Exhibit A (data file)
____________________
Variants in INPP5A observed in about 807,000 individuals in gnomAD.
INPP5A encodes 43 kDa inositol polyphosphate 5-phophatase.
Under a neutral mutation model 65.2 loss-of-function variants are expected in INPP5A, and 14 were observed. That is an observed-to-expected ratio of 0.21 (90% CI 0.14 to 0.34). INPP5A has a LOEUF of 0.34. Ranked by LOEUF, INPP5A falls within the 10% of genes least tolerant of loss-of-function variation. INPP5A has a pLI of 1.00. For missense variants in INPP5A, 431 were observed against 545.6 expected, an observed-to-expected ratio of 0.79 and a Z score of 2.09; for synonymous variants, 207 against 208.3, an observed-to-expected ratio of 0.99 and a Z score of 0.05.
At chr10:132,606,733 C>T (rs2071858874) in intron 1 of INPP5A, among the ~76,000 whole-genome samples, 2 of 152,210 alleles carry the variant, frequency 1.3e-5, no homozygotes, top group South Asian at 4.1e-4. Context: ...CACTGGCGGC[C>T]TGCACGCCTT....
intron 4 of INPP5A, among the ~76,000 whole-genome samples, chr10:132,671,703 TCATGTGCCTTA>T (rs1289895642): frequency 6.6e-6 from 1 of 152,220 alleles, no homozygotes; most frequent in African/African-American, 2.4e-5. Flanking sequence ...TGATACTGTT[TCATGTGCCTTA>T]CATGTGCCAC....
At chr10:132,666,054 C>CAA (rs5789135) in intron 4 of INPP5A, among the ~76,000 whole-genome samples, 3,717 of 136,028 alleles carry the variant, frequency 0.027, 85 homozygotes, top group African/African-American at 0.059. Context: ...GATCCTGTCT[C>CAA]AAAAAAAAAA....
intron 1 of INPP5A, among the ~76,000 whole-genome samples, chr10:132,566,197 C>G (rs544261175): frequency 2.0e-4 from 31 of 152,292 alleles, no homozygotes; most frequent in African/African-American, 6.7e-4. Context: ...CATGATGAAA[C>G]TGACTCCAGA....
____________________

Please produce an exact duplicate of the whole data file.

Variants in INPP5A observed in about 807,000 individuals in gnomAD.
INPP5A encodes 43 kDa inositol polyphosphate 5-phophatase.
Under a neutral mutation model 65.2 loss-of-function variants are expected in INPP5A, and 14 were observed. That is an observed-to-expected ratio of 0.21 (90% CI 0.14 to 0.34). INPP5A has a LOEUF of 0.34. Ranked by LOEUF, INPP5A falls within the 10% of genes least tolerant of loss-of-function variation. INPP5A has a pLI of 1.00. For missense variants in INPP5A, 431 were observed against 545.6 expected, an observed-to-expected ratio of 0.79 and a Z score of 2.09; for synonymous variants, 207 against 208.3, an observed-to-expected ratio of 0.99 and a Z score of 0.05.
At chr10:132,606,733 C>T (rs2071858874) in intron 1 of INPP5A, among the ~76,000 whole-genome samples, 2 of 152,210 alleles carry the variant, frequency 1.3e-5, no homozygotes, top group South Asian at 4.1e-4. Context: ...CACTGGCGGC[C>T]TGCACGCCTT....
intron 4 of INPP5A, among the ~76,000 whole-genome samples, chr10:132,671,703 TCATGTGCCTTA>T (rs1289895642): frequency 6.6e-6 from 1 of 152,220 alleles, no homozygotes; most frequent in African/African-American, 2.4e-5. Flanking sequence ...TGATACTGTT[TCATGTGCCTTA>T]CATGTGCCAC....
At chr10:132,666,054 C>CAA (rs5789135) in intron 4 of INPP5A, among the ~76,000 whole-genome samples, 3,717 of 136,028 alleles carry the variant, frequency 0.027, 85 homozygotes, top group African/African-American at 0.059. Context: ...GATCCTGTCT[C>CAA]AAAAAAAAAA....
intron 1 of INPP5A, among the ~76,000 whole-genome samples, chr10:132,566,197 C>G (rs544261175): frequency 2.0e-4 from 31 of 152,292 alleles, no homozygotes; most frequent in African/African-American, 6.7e-4. Context: ...CATGATGAAA[C>G]TGACTCCAGA....